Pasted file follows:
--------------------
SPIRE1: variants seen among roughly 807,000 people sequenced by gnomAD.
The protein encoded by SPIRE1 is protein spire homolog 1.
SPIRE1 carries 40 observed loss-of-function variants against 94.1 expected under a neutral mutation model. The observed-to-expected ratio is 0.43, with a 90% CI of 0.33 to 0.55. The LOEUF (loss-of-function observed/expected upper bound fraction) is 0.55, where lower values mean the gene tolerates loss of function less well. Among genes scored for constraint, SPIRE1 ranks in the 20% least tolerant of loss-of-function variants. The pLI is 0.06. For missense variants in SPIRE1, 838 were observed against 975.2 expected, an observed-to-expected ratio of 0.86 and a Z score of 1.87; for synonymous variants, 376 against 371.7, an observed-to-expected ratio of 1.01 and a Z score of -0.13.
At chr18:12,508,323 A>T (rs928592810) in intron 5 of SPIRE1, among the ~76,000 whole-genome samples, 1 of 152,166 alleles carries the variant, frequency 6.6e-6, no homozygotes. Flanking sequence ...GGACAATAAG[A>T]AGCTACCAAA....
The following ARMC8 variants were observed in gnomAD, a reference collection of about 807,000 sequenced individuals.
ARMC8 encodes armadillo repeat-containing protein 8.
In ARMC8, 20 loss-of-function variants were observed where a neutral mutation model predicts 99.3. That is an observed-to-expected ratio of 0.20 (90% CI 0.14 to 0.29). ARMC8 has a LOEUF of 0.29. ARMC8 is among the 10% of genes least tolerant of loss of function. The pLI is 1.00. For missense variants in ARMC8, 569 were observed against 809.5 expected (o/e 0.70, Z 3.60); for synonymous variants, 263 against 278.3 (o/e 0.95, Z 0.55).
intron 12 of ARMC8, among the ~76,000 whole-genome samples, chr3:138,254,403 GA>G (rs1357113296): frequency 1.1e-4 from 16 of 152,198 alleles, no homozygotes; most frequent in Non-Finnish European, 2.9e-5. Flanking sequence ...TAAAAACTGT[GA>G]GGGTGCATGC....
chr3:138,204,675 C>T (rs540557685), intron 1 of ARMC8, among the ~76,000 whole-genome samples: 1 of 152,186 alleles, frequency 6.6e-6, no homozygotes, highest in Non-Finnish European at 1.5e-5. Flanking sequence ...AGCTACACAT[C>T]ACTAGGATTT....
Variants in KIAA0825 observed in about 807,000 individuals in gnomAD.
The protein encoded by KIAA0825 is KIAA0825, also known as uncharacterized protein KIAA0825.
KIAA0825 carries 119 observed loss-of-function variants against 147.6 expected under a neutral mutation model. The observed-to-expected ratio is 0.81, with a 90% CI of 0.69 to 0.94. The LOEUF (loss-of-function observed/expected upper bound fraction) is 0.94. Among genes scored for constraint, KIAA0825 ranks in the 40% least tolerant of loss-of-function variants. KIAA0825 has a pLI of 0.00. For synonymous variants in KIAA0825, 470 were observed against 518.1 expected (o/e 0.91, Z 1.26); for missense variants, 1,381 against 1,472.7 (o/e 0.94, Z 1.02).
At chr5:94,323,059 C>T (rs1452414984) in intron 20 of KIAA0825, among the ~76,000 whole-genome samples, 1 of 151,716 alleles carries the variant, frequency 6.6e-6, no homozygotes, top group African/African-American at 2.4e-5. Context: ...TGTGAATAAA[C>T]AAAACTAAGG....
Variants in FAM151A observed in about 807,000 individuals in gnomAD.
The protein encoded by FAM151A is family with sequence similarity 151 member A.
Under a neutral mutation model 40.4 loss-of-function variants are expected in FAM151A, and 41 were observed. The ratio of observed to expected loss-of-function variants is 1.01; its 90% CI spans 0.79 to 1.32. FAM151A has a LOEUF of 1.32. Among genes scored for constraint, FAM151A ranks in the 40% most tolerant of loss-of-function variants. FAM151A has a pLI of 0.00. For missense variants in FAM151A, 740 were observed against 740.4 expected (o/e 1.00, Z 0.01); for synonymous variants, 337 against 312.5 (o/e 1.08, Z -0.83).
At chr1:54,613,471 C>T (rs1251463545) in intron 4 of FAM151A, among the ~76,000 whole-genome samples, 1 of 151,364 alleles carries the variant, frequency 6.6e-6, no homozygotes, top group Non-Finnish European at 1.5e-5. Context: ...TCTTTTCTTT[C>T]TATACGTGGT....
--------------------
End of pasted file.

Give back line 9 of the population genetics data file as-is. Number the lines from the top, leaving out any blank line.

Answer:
chr3:138,204,675 C>T (rs540557685), intron 1 of ARMC8, among the ~76,000 whole-genome samples: 1 of 152,186 alleles, frequency 6.6e-6, no homozygotes, highest in Non-Finnish European at 1.5e-5. Flanking sequence ...AGCTACACAT[C>T]ACTAGGATTT....